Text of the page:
This claustrophobic drama is set in Argentina in the late 1970s, just after a military junta has taken over the country and the moneyed elite are trying to pretend that they are not scared to death. Private banker Yvan (Fabrizio Rongione) comes to Buenos Aires from Switzerland with his wife Ines (Stéphanie Cléau) following the disappearance of his partner Keys. He’s there to shore up accounts and find out what happened. What he finds as he visits with his clients in their mansions and on their thoroughbred estates is that Keys was both loved and despised and possibly reckless. And he had a secret client that Yvan was not privvy to.

What makes this film work is that everything seems very normal, yet you can feel the cracks slowly spreading just below the surface. The rich still have their parties, and luxuriate in their pools, and go riding on their beautiful horses, but talk of someone whose every possession was suddenly taken, or of a daughter who disappeared for being too outspoken creeps into their conversations. But the business of money is what they’re there for. And the party goes on.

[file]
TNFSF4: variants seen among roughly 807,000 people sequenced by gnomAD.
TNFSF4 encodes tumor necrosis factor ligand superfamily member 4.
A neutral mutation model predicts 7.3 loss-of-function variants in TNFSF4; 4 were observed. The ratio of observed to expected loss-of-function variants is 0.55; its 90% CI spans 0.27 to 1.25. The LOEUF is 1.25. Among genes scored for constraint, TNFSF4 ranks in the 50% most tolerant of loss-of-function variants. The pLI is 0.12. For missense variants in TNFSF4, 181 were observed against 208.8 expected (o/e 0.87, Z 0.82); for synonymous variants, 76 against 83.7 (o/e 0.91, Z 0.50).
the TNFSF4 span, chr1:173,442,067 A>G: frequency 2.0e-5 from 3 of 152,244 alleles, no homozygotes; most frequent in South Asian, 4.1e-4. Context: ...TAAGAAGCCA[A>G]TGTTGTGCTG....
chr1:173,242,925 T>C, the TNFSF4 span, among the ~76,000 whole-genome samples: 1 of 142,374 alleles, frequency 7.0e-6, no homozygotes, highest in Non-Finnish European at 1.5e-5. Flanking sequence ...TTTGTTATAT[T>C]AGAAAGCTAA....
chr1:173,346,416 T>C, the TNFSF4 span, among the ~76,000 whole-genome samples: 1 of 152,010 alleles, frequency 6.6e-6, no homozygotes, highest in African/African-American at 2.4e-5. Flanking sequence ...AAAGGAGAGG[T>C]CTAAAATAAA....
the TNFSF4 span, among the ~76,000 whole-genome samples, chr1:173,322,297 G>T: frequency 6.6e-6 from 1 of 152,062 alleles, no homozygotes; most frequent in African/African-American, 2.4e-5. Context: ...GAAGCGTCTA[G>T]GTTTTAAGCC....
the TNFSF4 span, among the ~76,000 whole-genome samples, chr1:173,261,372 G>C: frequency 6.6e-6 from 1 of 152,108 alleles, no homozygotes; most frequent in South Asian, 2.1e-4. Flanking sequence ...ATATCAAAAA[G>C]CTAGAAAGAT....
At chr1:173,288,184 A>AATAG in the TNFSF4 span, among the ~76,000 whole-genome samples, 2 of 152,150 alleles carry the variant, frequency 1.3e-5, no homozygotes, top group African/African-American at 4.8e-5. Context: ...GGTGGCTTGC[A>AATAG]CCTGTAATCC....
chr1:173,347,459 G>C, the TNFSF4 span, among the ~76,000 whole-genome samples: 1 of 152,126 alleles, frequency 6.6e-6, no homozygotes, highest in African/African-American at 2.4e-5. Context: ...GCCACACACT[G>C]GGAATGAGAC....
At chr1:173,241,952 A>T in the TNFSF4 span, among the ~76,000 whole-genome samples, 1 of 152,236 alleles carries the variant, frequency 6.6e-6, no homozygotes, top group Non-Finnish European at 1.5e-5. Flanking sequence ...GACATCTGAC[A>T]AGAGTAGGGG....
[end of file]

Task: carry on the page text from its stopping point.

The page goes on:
Azor feels a lot like an old-fashioned spy thriller, with whiffs of Graham Greene’s “The Third Man” and shots that make you think of Coppola’s Apocalypse Now. It’s very languorous with the danger just out of frame. And Fabrizio Rongione is perfect as the cool banker who seems not to know what is happening, but is very good at pretending. It’s Swiss director Andreas Fontana’s debut and I look forward to what comes next from him. I highly recommend Azor to lovers of quietly suspenseful foreign flicks.

In French and Spanish with subtitles.
In NY theaters beginning Sept 10th. A national rollout will follow with streaming on MUBI later.

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